On the first Monday in February, Richard, age 69, turned a page. He left Nashville Rescue Mission after a 524-day stay, and headed to Indiana to live with family—meeting many of them for the first time.
Walking out arm-in-arm with his sister, it was obvious Richard felt a joy long missing in his life—the blessing of family.
“About a year ago, Fred Hoffman, a Mission case manager, suggested we make a list of our most challenging cases and focus on what we could do to improve their quality of life,” said Mike Tatar, lead case manager. “We started case management for guests three years ago, so it’s still new for us. And while we provide this service to everyone, there are many who do not want help or are lost in the fog of mental illness and unable to ask for help. Richard was at the top of our list.”
“The day Richard reconnected with his family was only possible because a dedicated group of people made a concerted effort to help someone, many might consider unreachable,” said Mark Templeton, supervisor of Mental Health Cooperative’s (MHC) PATH (Project for Assistance in Transitioning from Homelessness) program. “I’m grateful Nashville Rescue Mission exists. I appreciate the collaboration between our staff and the Mission. It’s because of this relationship, Richard, and others like him, are able to get the help they need to win the battle over mental illness. Our goal is to increase a person’s quality of life. Richard’s quality of life definitely improved and it’s worth celebrating.”
“I was shocked when I got the call from the Mission telling me Richard was there,” said his sister Patti. “We thought he was dead. I hadn’t seen him in 34 years and the last time we spoke was in 1988. I can’t wait to take him home and introduce him to his new great grandchild.”
“The key to helping someone like Richard is in case management and understanding the connection between homelessness, addiction, and mental illness,” said Glenn Cranfield, president and CEO of the Mission. “It’s important we educate the community about these links so we can provide much-needed services without stigma or judgment. By providing MHC with office space and hours at the Mission, our case managers can refer homeless guests experiencing mental health issues to MHC’s PATH program, where they receive comprehensive treatment for their psychosocial and psychiatric needs. This relationship made it possible for Richard to get the help he needed.”
“While Richard battled alcohol early in his life, over time, mental illness debilitated him,” said Rob Frazier, case manager at the Mission. “It took months of Fred saying hello to him before Richard felt comfortable talking with a doctor from MHC.”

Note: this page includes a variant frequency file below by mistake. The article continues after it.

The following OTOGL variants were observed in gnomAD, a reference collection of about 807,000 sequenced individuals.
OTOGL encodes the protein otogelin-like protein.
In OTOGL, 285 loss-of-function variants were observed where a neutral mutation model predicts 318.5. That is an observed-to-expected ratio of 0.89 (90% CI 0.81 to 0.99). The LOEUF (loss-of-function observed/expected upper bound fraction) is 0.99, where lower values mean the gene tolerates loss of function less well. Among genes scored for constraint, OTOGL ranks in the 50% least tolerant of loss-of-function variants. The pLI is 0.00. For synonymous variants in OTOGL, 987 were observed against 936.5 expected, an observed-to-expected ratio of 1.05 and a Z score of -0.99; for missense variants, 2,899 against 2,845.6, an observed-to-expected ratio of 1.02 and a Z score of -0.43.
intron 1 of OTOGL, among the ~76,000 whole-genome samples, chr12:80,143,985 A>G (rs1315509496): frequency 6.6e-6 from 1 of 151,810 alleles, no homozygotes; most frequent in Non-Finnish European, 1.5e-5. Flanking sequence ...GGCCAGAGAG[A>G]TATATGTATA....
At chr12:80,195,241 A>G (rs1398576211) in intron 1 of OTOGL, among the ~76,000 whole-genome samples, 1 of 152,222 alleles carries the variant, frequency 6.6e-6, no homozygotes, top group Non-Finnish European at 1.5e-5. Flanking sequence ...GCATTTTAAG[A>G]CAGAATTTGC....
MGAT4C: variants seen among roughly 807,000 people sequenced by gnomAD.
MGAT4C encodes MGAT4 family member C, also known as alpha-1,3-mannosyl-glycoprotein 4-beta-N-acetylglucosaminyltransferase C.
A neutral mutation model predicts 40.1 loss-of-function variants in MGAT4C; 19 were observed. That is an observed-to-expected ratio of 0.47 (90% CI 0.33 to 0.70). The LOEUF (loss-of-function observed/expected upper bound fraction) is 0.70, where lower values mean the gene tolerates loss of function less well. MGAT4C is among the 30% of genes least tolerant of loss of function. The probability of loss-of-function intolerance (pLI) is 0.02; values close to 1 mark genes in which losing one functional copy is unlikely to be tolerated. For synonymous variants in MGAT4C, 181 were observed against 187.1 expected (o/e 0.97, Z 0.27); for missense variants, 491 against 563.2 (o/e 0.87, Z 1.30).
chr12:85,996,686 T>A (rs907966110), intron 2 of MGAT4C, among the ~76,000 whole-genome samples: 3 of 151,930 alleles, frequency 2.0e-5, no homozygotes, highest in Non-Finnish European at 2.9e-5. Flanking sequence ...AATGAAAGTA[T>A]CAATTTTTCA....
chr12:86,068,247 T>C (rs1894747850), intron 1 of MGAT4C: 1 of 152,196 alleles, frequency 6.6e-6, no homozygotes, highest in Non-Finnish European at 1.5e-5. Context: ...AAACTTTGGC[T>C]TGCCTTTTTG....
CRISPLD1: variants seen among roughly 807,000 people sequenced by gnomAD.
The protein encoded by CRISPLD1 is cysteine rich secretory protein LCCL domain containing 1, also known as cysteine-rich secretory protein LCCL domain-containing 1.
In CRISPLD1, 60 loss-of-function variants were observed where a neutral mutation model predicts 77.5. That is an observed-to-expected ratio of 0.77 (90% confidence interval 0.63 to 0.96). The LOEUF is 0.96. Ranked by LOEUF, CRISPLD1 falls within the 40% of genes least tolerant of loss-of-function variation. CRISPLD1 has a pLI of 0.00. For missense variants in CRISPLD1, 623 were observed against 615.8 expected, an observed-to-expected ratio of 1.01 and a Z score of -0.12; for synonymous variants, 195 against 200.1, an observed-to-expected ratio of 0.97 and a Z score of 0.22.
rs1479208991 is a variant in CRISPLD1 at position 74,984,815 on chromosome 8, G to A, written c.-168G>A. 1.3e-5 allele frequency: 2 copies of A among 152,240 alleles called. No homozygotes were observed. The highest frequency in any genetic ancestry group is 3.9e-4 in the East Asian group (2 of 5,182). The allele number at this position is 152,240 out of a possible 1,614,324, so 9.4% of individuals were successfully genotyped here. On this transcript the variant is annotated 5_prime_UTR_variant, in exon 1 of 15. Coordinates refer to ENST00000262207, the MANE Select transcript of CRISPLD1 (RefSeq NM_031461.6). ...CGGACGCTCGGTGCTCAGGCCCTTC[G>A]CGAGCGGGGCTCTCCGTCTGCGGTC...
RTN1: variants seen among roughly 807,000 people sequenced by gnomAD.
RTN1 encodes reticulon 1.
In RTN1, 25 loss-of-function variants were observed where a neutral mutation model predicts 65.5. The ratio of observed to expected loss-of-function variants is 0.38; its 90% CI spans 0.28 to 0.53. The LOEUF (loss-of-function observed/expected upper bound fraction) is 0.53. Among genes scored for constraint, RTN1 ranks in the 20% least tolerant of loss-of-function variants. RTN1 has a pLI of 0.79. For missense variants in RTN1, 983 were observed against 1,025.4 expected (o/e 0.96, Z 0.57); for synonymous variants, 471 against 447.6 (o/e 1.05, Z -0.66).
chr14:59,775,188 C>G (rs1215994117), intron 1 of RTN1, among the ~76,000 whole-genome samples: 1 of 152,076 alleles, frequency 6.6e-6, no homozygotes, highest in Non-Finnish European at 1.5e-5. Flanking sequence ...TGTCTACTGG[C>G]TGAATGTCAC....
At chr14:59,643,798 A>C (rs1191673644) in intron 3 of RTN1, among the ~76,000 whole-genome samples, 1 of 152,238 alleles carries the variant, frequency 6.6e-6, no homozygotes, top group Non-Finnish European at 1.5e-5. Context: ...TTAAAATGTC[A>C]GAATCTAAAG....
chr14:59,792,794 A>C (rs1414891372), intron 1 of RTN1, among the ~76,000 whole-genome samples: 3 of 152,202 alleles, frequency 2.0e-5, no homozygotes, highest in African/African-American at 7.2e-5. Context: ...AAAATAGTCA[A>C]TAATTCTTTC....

After a couple of months on the right medications, Richard recalled names and telephone numbers. A few phone calls later, Richard’s family made plans to take him home.
“What a blessing to see this family reunited after many years apart,” said Frazier, as he watched Richard drive away with his family. “I’m also thankful Fred could see the fruits of his labor before retiring after 25 years of serving the homeless.”
So how does someone like Richard end up homeless and living at Nashville Rescue Mission?
“If someone has an untreated mental illness things can spiral out of control,” said Tatar. “Without nutritious meals, their medication may not work, or because they are homeless and unstable, they struggle with taking it or they can’t afford it. It’s a vicious cycle we see within the homeless community.”
“There are many faces to homelessness, addiction, and mental illness,” said Tatar. “Connecting them with the services they need and developing an individual treatment plan plays a major role in getting them the help they need. But it only works if that person wants help. Unfortunately, not everyone does.”
“How can you go to treatment without the stability of a place to eat and sleep?” asks Cranfield. “A person needs to feel safe and be willing to trust those who are trying to help. The Mission provided Richard with a safe place to sleep and nutritious meals to eat. With patience and persistence, we reached Richard. It took time, but it’s worth it to see this man reconnect with his family after many years.”
May is Mental Health Month. Unfortunately, more than 1/5th of the 610,000 homeless people across the USA suffer from a severe mental illness, according to the US Department of Housing and Urban Development. They’re gripped by schizophrenia, bipolar disorder, or severe depression—all manageable with the right medication and counseling.
“Left untreated, mental illness can rob people of decades of health and life,” said Cranfield. “These losses are tragic because there is evidence that early intervention can prevent mentally ill people from deteriorating, halting what once seemed like an inevitable decline. And in the eyes of God, every single person matters. Regardless of their situation, circumstance, diagnosis, or addiction. God loves them and that’s what we are all about—showing each person who is hurting, hungry, homeless, or lost, God loves them and no one is too far gone to be beyond His reach. There is hope.”